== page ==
YubiKey + udev follow-ups

· security
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In my previous post, I talked about the udev hack I had used with the YubiKey and how it was not the correct way to do things. I recieved a lot of feedback on this post, and here I’m hoping to summarise what the correct way to do it is.

The rule I was originally using was:

SUBSYSTEMS=="usb", ATTRS{idVendor}=="1050",ATTRS{idProduct}=="0111", OWNER="irl"

The problem with this rule was that it always made my own username the owner of the YubiKey. For my use on my laptop, this was fine, as I’m the only user ever logged into my laptop, but this is not the right way to do this.

On a multi-user system you would want the user logged into the console, and so the one that has plugged in the USB device by implication, to be the owner of the device.

Sam Morris followed up to my last post by e-mail to suggest the following rule:

SUBSYSTEMS=="usb", ATTRS{idVendor}=="1050", ATTRS{idProduct}=="0111", TAG+="uaccess"

The difference here is that instead of explicitly setting an owner, the uaccess tag is added to the device. This tag has meaning to systemd-logind and will add the necessary ACLs to the device to allow the console user to access it. The ACL should also be removed by systemd-logind when you log out.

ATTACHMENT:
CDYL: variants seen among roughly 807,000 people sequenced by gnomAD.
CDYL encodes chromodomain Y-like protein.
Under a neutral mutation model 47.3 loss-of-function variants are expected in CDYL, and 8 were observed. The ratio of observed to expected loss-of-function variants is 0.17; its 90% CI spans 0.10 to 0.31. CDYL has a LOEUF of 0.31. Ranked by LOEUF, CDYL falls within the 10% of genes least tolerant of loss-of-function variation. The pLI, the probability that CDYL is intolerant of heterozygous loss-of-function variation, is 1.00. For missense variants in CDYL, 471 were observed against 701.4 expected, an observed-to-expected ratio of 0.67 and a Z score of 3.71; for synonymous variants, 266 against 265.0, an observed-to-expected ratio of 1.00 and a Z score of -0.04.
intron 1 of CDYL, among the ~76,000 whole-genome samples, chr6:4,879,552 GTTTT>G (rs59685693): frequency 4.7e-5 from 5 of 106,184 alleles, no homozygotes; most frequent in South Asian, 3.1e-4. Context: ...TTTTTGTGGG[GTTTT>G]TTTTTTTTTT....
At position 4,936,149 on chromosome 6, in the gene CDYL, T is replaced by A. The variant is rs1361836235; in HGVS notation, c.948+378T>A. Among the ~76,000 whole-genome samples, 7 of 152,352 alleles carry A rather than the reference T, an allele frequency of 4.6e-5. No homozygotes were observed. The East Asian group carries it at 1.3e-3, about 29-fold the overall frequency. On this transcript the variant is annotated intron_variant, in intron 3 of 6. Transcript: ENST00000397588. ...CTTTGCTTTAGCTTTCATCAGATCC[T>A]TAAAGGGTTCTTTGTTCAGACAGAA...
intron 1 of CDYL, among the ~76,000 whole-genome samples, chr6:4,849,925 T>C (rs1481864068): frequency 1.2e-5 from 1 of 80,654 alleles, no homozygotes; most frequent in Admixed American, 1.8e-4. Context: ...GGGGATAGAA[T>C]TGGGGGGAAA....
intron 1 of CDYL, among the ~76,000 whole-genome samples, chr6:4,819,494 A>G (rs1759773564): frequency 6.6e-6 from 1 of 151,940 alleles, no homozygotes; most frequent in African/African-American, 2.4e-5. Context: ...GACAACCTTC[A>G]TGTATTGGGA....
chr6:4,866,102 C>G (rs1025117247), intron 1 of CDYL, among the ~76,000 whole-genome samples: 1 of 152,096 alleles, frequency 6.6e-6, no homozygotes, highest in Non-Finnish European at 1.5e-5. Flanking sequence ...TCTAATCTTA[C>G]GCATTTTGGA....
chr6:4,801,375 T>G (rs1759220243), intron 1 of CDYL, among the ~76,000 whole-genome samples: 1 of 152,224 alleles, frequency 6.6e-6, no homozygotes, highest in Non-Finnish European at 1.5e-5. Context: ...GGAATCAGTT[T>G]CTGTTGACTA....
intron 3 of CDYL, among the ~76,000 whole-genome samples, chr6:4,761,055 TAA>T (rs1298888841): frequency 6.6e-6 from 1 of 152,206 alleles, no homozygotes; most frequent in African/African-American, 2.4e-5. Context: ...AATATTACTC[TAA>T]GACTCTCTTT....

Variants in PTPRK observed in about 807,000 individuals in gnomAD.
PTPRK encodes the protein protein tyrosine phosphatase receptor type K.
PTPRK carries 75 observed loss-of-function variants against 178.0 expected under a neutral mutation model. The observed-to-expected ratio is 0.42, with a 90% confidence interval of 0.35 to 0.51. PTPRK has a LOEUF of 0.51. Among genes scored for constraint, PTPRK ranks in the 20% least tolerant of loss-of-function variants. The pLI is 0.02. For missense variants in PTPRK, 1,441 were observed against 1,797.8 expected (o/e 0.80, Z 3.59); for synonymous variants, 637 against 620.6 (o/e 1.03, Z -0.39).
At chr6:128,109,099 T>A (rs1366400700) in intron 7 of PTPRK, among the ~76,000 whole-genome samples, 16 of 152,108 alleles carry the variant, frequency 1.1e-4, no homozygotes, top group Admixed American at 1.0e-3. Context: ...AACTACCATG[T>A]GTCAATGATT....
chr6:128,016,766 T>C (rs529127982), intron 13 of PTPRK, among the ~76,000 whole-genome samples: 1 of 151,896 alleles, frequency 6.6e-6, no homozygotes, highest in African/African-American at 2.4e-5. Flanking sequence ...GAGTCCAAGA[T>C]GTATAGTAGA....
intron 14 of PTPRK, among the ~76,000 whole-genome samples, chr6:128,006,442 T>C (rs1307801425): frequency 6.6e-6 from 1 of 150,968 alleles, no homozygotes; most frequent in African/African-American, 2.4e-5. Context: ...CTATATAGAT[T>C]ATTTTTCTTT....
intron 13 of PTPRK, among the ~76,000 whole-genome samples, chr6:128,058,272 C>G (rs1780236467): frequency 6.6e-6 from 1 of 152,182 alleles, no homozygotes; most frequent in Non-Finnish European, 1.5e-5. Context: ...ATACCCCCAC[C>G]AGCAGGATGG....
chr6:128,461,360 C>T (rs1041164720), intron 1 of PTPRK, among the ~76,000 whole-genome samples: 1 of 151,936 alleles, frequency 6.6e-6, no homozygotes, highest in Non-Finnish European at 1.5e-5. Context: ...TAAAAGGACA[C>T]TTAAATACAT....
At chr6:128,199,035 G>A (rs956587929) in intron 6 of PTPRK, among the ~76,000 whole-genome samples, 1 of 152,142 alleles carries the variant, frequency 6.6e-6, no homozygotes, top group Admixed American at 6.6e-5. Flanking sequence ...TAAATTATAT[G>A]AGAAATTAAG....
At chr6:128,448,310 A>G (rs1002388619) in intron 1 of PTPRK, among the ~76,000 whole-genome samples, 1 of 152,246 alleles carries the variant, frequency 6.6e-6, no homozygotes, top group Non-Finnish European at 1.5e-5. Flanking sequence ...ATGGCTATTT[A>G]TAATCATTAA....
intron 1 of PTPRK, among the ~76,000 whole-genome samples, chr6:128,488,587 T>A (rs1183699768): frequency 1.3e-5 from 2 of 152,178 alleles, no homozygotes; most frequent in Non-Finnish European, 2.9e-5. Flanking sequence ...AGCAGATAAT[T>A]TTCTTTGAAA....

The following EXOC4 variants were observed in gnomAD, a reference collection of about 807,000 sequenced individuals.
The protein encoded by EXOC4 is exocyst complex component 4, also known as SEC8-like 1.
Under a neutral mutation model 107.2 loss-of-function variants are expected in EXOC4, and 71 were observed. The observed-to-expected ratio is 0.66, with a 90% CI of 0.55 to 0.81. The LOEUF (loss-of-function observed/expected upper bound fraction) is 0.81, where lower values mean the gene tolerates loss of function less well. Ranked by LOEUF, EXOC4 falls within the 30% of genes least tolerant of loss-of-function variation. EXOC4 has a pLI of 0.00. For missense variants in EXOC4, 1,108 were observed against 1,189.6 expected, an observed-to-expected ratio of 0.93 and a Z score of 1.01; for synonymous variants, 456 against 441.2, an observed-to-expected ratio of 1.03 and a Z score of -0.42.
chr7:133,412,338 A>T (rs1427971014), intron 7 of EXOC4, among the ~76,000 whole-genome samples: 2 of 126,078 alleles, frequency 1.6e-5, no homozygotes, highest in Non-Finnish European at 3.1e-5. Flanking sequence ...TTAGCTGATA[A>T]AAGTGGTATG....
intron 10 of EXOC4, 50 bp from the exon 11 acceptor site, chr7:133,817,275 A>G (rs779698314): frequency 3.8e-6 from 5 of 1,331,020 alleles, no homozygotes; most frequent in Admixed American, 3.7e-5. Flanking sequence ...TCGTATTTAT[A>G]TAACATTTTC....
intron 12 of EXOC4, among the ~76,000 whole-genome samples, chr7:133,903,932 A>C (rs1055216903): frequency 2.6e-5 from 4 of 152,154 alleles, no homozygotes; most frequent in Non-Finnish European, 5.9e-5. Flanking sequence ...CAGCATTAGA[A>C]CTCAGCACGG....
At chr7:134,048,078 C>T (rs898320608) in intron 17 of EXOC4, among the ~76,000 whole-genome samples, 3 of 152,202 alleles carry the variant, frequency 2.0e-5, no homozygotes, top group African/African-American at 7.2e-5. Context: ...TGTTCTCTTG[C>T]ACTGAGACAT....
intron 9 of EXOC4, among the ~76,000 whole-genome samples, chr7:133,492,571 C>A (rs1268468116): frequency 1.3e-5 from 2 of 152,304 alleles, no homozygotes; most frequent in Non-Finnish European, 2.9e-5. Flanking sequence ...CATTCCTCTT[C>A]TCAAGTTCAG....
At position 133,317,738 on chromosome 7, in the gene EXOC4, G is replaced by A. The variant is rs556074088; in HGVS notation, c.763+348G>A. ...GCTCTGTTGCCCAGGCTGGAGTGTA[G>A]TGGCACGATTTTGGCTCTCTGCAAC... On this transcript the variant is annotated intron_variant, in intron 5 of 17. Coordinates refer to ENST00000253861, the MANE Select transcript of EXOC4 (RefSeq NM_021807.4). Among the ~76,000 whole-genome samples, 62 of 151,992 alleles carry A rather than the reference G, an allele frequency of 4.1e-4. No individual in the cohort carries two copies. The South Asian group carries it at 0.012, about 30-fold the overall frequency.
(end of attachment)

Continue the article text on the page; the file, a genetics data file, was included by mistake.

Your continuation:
He also suggested using getfacl (from the acl package) to check the ACLs that have been assigned to devices.

irl@orbiter$ getfacl /dev/hidraw0    
# file: hidraw0
# owner: irl
# group: root

Here we can see that the device has been set to being owned by my username. (Note that on your system, the YubiKey may have a different path, check your dmesg output to see what device name it is assigned.)

If you don’t have systemd-logind available, fear not as there is an alternative approach you can take that was suggested by Simon Josefsson, who actually wrote a blog post in 2014 about using an offline GnuPG master key with subkeys on a YubiKey. If you install the pcscd package this will provide you with a daemon that runs as root and provides access to the smartcard for ordinary users. I haven’t looked at how pcscd handles limiting access to the device for other users as this isn’t an approach I’ve taken.

Thanks to everyone who gave feedback, I feel like I’ve learnt something and taken another step closer to doing things The Right Way™.

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